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Performing mathematical operations like adding, subtracting, and multiplying are a snap in JavaScript thanks to the builtin operators that make doing math in your programs a very natural process.

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[? Music ?] [Treehouse]

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So far we've seen the different ways that we can define numbers in JavaScript.

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Now we'll take a look at a few of the mathematical operators

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that we can use to actually work with those numbers.

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At this point, we should be pretty familiar with how to actually get numbers

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into our variables or into our JavaScript code.

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Now what can we do with them?

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Well, the most common thing we'll do is arithmetic operations

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like adding them, subtracting them, dividing them and multiplying them.

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And we've already seen a little bit of this before,

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but let's just go over the operators that we could use.

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We'll create a variable called "o,"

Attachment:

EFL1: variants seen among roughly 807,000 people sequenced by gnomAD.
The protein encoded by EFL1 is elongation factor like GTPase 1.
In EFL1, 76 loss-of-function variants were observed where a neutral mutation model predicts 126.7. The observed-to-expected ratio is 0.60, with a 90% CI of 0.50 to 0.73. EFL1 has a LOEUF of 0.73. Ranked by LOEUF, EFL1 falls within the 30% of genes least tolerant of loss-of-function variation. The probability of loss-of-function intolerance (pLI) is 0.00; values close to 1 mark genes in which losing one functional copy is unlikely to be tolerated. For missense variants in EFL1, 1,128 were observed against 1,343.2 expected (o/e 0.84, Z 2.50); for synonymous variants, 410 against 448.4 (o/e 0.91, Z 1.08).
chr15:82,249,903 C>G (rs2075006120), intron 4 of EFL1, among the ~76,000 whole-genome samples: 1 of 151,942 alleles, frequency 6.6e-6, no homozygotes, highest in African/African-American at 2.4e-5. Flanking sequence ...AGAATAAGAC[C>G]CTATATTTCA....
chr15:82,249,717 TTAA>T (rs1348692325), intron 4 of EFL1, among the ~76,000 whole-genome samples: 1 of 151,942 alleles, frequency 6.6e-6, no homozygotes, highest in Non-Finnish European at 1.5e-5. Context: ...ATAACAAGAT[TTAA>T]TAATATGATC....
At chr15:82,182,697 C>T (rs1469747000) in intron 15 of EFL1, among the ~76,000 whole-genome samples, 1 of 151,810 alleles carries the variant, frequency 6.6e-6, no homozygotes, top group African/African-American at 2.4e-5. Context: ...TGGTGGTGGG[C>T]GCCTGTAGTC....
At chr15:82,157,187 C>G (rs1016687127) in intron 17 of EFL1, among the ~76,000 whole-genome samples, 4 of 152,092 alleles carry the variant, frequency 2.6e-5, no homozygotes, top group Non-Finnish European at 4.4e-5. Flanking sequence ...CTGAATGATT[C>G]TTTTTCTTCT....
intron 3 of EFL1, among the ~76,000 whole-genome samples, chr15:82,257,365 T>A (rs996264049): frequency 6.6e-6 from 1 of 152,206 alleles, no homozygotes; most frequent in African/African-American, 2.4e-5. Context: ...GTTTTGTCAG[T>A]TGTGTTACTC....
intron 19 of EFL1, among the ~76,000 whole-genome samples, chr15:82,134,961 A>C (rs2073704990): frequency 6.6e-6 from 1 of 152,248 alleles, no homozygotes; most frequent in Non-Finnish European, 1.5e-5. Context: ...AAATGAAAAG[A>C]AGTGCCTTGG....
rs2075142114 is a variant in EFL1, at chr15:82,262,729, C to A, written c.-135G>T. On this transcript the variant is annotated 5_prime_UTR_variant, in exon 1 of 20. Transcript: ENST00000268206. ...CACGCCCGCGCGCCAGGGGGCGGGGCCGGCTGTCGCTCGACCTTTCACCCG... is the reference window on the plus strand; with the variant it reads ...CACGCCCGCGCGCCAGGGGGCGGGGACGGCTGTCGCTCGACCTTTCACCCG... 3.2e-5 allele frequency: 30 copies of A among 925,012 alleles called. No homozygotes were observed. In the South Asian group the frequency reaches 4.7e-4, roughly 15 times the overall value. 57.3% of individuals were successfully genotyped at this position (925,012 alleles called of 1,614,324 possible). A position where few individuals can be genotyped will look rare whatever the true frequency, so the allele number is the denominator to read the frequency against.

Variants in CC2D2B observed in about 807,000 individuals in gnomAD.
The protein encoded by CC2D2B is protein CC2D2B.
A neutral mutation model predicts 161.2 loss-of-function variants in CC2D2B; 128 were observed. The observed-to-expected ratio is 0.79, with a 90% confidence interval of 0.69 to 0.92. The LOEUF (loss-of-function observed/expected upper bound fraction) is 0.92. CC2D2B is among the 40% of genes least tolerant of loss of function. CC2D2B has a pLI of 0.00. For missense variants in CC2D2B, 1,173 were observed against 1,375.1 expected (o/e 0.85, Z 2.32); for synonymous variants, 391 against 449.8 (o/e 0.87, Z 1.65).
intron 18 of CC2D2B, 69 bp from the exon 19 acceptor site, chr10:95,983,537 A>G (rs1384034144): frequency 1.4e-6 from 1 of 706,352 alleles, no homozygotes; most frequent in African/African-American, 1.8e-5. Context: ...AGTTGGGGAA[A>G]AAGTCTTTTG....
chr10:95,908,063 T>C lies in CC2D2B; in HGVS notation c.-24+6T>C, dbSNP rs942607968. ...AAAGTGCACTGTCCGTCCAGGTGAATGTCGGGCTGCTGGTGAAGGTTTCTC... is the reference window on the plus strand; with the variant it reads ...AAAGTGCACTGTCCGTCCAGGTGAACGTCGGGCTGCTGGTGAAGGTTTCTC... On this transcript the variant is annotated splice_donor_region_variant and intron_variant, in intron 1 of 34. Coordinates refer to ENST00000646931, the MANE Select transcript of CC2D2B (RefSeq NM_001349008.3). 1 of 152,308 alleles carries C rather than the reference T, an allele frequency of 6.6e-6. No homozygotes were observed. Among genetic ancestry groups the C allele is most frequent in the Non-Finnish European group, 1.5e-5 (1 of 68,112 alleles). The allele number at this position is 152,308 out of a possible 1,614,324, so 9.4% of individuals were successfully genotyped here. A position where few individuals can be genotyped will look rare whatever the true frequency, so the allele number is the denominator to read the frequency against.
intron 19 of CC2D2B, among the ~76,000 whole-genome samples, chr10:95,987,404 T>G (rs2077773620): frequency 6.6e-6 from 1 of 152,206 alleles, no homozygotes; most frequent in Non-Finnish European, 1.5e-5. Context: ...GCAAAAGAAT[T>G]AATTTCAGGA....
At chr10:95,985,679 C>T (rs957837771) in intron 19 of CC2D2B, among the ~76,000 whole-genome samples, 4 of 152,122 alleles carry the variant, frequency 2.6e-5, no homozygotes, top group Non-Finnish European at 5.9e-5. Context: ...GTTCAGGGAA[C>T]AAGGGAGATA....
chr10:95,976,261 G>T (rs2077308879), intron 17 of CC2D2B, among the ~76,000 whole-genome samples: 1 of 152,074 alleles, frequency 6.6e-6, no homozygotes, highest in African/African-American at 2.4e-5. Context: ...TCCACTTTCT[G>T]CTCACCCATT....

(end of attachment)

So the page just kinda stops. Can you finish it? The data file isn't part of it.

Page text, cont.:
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and we can do something like 1 + 2.

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Using the + operator will simply add the 2 operands together,

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in this case, 1 and 2.

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Or we could replace this with a variable,

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1 + k, or we could do j + k.

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If we take a look at the value of o, it's going to be j + k, which is 42.

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Or we could just do 1 + k, and o would be 24.

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And of course, if we did 1 + 2, we get 3.

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Subtraction works exactly like you would expect it to.

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If we wanted to do 10  7, we use the dash character as our subtraction operator,

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and the value of p will of course be 3.

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The + and  operators work both with our whole numbers

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and our floating point, so we could do 1 + 2.4

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and 10  7.3, and we'll get the values 3.4 and 2.7 as usual.

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Nothing too crazy there.

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Multiplication and division work pretty much the same way.

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If we want to multiply 3 times 4,

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the multiplication operator is the star,

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and on most keyboards, that's the asterisk, which is Shift and the number 8.